Dozens of areas that turned Conservative at the last election have seen average wages stagnate more than the rest of the UK over the past decade, figures show.
Workers in the so-called ‘red wall’ of former Labour seats are still feeling the after-effects of Britain’s sluggish recovery from the global financial crisis of 2007-8, according to the Resolution Foundation study.
Charlie McCurdy, a researcher at the think tank, said such northern, Midlands and Welsh areas had faced “smaller pay packets, fewer jobs and less wealth” than the rest of the UK since 2010.
He said addressing such issues should “lie at the heart” of prime minister Boris Johnson’s promise to ‘level up’ the UK by tackling regional divides.
The 50 new ‘blue wall’ seats have “fared particularly badly” in terms of average pay growth in recent years, according to the ‘Painting the town blue’ report.
Real weekly earnings, which take inflation into account, stood at £449 in such areas last year. That marks a 2.1% decline on pay in 2010, compared to an average decline of 1.5% for Britain as a whole.
Real pay has fallen more than twice as much as even other areas of the North, Midlands and Wales, including both Labour-held and more long-standing Conservative seats.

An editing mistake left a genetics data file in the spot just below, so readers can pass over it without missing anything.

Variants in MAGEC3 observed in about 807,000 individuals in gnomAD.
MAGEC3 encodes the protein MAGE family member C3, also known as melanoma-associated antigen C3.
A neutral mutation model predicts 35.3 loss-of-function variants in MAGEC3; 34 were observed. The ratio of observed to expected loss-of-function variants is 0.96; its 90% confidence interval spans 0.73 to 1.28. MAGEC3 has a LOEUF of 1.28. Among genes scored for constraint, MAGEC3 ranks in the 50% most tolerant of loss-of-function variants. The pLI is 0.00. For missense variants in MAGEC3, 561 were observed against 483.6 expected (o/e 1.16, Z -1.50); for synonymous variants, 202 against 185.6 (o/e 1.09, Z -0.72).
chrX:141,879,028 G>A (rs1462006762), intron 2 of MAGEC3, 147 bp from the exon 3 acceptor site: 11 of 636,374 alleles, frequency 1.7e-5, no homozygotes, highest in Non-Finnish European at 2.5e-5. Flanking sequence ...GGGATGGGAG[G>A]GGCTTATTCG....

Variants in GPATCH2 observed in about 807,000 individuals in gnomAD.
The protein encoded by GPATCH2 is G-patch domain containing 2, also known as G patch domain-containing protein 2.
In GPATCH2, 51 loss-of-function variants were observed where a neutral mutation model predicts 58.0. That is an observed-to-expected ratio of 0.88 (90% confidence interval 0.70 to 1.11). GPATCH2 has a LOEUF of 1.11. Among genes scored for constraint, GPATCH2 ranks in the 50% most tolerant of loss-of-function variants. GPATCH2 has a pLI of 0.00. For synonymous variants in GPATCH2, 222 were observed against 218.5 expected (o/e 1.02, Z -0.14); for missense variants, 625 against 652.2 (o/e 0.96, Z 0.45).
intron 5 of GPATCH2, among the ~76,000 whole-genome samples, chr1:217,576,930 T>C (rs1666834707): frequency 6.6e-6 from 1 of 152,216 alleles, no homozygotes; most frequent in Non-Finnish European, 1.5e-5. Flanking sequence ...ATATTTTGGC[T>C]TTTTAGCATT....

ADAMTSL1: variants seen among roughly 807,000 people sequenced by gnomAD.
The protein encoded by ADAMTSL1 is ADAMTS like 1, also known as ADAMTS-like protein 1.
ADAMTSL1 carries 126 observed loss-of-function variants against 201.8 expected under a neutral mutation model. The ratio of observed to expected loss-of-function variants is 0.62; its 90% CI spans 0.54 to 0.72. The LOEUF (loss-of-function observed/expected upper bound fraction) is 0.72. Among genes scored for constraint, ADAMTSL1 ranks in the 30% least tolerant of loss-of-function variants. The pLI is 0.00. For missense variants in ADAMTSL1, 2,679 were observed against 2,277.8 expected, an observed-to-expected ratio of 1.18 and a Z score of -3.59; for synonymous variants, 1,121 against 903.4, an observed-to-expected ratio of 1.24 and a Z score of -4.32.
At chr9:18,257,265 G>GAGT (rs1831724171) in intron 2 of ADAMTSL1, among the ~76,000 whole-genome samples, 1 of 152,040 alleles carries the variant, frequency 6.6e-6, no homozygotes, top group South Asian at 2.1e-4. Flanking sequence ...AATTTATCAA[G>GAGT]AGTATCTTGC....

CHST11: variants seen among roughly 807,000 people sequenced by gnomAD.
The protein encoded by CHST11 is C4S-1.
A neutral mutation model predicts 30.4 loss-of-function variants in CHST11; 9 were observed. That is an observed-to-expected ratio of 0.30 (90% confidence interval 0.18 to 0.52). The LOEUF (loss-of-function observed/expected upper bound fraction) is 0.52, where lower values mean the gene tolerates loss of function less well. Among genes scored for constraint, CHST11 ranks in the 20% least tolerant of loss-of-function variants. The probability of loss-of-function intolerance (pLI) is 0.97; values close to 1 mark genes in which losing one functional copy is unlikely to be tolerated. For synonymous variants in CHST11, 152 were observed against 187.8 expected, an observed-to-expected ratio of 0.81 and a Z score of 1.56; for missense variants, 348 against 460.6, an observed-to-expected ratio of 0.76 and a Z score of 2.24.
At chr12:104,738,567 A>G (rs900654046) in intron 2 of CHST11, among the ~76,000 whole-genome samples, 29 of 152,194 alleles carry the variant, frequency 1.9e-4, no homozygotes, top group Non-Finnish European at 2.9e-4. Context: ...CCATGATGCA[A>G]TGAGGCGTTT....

The former ‘red wall’ areas have also seen less of Britain’s recent jobs boom. While the unemployment rate across Britain is some 15% lower than it was in 2004-5, in the new Conservative seats it is now 5% higher.
Employment levels have grown but relatively slowly, up 4% compared to a UK average of 5.3%. “This might reflect the fact that these seats have high employment shares in some generally shrinking sectors, including retail and manufacturing,” the report noted.
Homeowners have also seen their wealth grow more slowly than the rest of the UK. Property prices have grown by 2% a year on average since 2010, half the growth rate for other local Labour and Conservative seats.
But the foundation found less “housing pressure” than in other areas, with higher housing ownership rates and lower rent cost growth.
The study concluded that such areas had been “left behind,” but defied some stereotypes. They are “poor but not the poorest,” not much older than the UK average and have not seen an exodus of young people to nearby cities.